A. Pleading Fraud with Particularity
¶ 16 Rule 9(b) of the Utah Rules of Civil Procedure specifies that “[i]n all averments of fraud or mistake, the circumstances constituting fraud or mistake shall be stated with particularity.” The elements that a party must allege “to bring a claim sounding in fraud” are
(1) that a representation was made (2) concerning a presently existing material fact (3) which was false and (4) which the representor either (a) knew to be false or (b) made recklessly, knowing that there was insufficient knowledge upon which to base such a representation, (5) for the purpose of inducing the other party to act upon it and (6) that the other party, acting reasonably and in ignorance of its falsity, (7) did in fact rely upon it (8) and was thereby induced to act (9) to that party's injury and damage.
Gold Standard, Inc. v. Getty Oil Co., 915 P.2d 1060, 1066-67 (Utah 1996) (citations omitted); Educators Mut. Ins. Ass'n. v. Allied Prop. & Cas. Ins. Co., 890 P.2d 1029, 1032 (Utah 1995); accord Crookston v. Fire Ins. Exch., 817 P.2d 789, 800 (Utah 1991). However, the mere recitation by a plaintiff of the elements of fraud in a complaint does not satisfy the particularity requirement. In other fraud cases, “ ‘[w]e have stressed, and continue to hold, that mere conclusory allegations in a pleading, unsupported by a recitation of relevant surrounding facts, are insufficient to preclude ․ summary judgment.’ ” Franco v. Church of Jesus Christ of Latter-day Saints, 2001 UT 25, ¶ 36, 21 P.3d 198 (quoting Chapman v. Primary Children's Hosp., 784 P.2d 1181, 1186 (Utah 1989)). The relevant surrounding facts “ ‘must be set forth with sufficient particularity to show what facts are claimed to constitute such charges.’ ” Williams v. State Farm Ins. Co., 656 P.2d 966, 971 (Utah 1982) (quoting Heathman v. Hatch, 13 Utah 2d 266, 268, 372 P.2d 990, 991 (1962)).
¶ 17 AFIE failed, however, to allege in its complaint relevant facts supporting its claim that Harrison personally committed or participated in any fraudulent acts. In its complaint, AFIE's first claim for relief was fraud. This section of its complaint contains only two paragraphs, which allege as follows:
33. Defendants made false representations concerning present existing material facts, which representations they either knew to be false or were made recklessly, and defendants omitted material facts despite their duty fully to disclose, all for the purpose of inducing action on the part of plaintiff.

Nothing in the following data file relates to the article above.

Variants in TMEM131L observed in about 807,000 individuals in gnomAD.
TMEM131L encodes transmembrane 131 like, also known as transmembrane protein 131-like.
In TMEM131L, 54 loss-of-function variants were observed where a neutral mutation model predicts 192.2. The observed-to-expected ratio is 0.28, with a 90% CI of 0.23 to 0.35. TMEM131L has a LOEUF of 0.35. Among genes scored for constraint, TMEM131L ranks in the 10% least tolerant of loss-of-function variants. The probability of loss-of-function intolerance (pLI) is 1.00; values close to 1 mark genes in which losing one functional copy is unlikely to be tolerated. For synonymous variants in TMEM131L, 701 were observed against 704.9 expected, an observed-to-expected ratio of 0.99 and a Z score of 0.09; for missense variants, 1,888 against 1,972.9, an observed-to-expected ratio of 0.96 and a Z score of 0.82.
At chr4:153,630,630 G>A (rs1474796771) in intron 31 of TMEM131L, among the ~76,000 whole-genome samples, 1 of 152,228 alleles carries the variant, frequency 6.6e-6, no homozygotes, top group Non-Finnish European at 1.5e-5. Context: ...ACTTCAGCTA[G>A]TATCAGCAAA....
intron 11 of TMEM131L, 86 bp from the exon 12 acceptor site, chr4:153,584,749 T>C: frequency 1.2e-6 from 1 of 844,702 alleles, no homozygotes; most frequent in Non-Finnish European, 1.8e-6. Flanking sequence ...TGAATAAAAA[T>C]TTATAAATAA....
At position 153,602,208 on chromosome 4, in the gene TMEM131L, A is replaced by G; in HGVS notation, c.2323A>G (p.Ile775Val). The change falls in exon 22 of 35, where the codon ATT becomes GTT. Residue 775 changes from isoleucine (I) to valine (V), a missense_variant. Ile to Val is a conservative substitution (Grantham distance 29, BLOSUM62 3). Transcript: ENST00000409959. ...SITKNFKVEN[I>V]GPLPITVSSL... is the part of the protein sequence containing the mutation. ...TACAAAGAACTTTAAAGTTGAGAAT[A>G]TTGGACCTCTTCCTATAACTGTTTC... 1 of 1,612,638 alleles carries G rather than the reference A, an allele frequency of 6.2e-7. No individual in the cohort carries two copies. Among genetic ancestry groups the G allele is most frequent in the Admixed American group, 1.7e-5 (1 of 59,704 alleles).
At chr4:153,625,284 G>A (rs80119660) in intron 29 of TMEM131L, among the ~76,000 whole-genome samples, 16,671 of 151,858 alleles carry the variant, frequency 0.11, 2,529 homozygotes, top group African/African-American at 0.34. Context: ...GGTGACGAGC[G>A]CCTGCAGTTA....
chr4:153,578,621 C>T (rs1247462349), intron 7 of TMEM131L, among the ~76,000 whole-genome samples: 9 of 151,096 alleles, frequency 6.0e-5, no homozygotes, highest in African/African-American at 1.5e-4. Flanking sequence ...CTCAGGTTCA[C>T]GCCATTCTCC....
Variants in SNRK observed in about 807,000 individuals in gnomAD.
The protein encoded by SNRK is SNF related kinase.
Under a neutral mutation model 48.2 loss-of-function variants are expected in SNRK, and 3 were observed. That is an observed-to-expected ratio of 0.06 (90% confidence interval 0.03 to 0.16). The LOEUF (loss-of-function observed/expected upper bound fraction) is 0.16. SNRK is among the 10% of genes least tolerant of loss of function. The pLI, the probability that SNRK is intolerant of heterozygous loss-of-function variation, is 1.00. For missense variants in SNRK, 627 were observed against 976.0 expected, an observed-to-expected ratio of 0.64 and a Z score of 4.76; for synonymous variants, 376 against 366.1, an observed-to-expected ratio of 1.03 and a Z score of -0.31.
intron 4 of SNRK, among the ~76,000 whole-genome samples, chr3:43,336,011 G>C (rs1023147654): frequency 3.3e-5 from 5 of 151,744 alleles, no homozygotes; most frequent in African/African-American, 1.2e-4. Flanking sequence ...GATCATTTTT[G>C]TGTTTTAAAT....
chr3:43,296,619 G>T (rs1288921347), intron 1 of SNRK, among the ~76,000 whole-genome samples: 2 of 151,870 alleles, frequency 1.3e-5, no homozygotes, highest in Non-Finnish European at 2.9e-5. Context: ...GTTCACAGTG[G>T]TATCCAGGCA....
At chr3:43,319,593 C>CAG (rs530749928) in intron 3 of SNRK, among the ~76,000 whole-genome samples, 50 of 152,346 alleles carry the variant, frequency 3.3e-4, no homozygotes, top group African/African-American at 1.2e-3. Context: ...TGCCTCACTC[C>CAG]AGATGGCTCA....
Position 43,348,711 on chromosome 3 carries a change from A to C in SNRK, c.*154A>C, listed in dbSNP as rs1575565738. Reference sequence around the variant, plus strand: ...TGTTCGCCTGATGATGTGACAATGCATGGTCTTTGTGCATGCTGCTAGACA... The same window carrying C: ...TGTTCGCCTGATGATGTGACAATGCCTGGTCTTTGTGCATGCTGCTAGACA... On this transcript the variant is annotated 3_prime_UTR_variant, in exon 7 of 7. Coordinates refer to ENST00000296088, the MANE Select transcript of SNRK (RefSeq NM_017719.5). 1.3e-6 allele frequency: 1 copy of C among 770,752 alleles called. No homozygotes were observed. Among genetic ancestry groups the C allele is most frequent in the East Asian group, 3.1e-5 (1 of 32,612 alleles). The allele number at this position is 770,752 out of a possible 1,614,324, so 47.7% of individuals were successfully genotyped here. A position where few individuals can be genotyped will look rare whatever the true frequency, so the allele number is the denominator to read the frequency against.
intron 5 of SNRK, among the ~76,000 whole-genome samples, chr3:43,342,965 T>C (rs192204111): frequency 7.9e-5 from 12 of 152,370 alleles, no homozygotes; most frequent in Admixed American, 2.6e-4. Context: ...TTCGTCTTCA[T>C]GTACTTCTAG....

34. Plaintiff actually and justifiably relied upon the false representations and material omissions to its injury and detriment, in an amount to be determined at trial.
These paragraphs merely recite the elements of fraud, however, and, as we have already noted, such conclusory allegations alone fail to allege fraud with sufficient particularity. See Franco, 2001 UT 25 at ¶ 36, 21 P.3d 198.
¶ 18 Even if we examine the complaint as a whole, it fails to recite any relevant facts connecting Harrison personally to the alleged fraud. The complaint mentions several examples of RSI's representations, but it contains nothing regarding Harrison personally making or directing others to make these representations. The only time Harrison is mentioned in the complaint at all is in one of the complaint's opening paragraphs, where she is identified as one of the parties. There she is listed as the “President and owner of RSI ․ [who] is responsible for the entire business operation of RSI, oversees and is responsible for its billing practices and is personally responsible to see that the project referenced herein is and was handled professionally, honestly and with the utmost care.” This allegation may be a relevant fact, but it is insufficient to support fraud liability absent other facts linking Harrison directly to the fraud.
B. Harrison's Personal Liability for Fraud
¶ 19 Initially, we note that “[a]n officer or director of a corporation is not personally liable for torts of the corporation or of its other officers and agents merely by virtue of holding corporate office, but can only incur personal liability by participating in the wrongful activity.” 3A William Meade Fletcher, Fletcher Cyclopedia of the Law of Private Corporations § 1137, at 209 (rev. ed.2002). When fraud is alleged, “a director or officer of a corporation is individually liable for fraudulent acts or false representations of his own or in which he participates, even though his action in such respect may be in furtherance of the corporate business.” 37 Am.Jur.2d Fraud and Deceit § 322 (1968) (emphasis added).
¶ 20 Other states, considering the issue of corporate officer liability, have found that an officer cannot hide his or her own fraudulent acts behind the corporate veil. For example, Colorado courts hold that “[t]o permit an agent of a corporation, in carrying on its business, to inflict wrong and injuries upon others, and then shield himself from liability behind his vicarious character, would often both sanction and encourage the perpetration of flagrant and wanton injuries by agents of insolvent and irresponsible corporations.” Snowden v. Taggart, 91 Colo. 525, 17 P.2d 305, 307 (1932) (citation omitted). In Mecham v. Benson, 590 P.2d 304, 308 (Utah 1979), this court noted that a defendant, by attempting to hide behind the corporate entity, “would not exculpate himself by proving that he was acting as agent of a corporation; he would only additionally inculpate his corporate principal.” Thus, Harrison can be held liable for fraudulent acts that she personally committed or in which she participated, but she cannot be held liable for fraudulent acts that she did not know of or participate in that were committed by other agents of the corporation or by the corporation itself.